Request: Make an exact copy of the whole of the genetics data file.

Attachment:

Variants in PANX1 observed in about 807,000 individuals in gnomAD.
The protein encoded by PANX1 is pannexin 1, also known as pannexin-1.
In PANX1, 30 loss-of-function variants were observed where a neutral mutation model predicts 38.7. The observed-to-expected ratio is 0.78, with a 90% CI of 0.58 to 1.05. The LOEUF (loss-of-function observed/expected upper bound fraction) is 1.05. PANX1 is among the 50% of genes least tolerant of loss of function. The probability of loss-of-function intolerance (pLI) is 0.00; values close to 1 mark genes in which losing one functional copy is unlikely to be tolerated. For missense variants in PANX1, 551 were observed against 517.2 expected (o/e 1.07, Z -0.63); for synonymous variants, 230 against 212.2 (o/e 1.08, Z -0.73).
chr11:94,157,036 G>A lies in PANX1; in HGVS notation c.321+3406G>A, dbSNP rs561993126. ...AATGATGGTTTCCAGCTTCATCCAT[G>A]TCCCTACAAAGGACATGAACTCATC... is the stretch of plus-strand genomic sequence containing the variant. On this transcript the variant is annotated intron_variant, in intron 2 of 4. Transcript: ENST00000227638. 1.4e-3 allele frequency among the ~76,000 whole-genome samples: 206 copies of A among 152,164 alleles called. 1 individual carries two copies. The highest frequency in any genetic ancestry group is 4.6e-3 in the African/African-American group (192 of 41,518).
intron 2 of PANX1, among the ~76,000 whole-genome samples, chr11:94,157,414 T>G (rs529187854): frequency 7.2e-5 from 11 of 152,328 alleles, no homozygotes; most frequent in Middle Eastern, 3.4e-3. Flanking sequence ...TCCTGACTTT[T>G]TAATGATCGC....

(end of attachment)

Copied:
Variants in PANX1 observed in about 807,000 individuals in gnomAD.
The protein encoded by PANX1 is pannexin 1, also known as pannexin-1.
In PANX1, 30 loss-of-function variants were observed where a neutral mutation model predicts 38.7. The observed-to-expected ratio is 0.78, with a 90% CI of 0.58 to 1.05. The LOEUF (loss-of-function observed/expected upper bound fraction) is 1.05. PANX1 is among the 50% of genes least tolerant of loss of function. The probability of loss-of-function intolerance (pLI) is 0.00; values close to 1 mark genes in which losing one functional copy is unlikely to be tolerated. For missense variants in PANX1, 551 were observed against 517.2 expected (o/e 1.07, Z -0.63); for synonymous variants, 230 against 212.2 (o/e 1.08, Z -0.73).
chr11:94,157,036 G>A lies in PANX1; in HGVS notation c.321+3406G>A, dbSNP rs561993126. ...AATGATGGTTTCCAGCTTCATCCAT[G>A]TCCCTACAAAGGACATGAACTCATC... is the stretch of plus-strand genomic sequence containing the variant. On this transcript the variant is annotated intron_variant, in intron 2 of 4. Transcript: ENST00000227638. 1.4e-3 allele frequency among the ~76,000 whole-genome samples: 206 copies of A among 152,164 alleles called. 1 individual carries two copies. The highest frequency in any genetic ancestry group is 4.6e-3 in the African/African-American group (192 of 41,518).
intron 2 of PANX1, among the ~76,000 whole-genome samples, chr11:94,157,414 T>G (rs529187854): frequency 7.2e-5 from 11 of 152,328 alleles, no homozygotes; most frequent in Middle Eastern, 3.4e-3. Flanking sequence ...TCCTGACTTT[T>G]TAATGATCGC....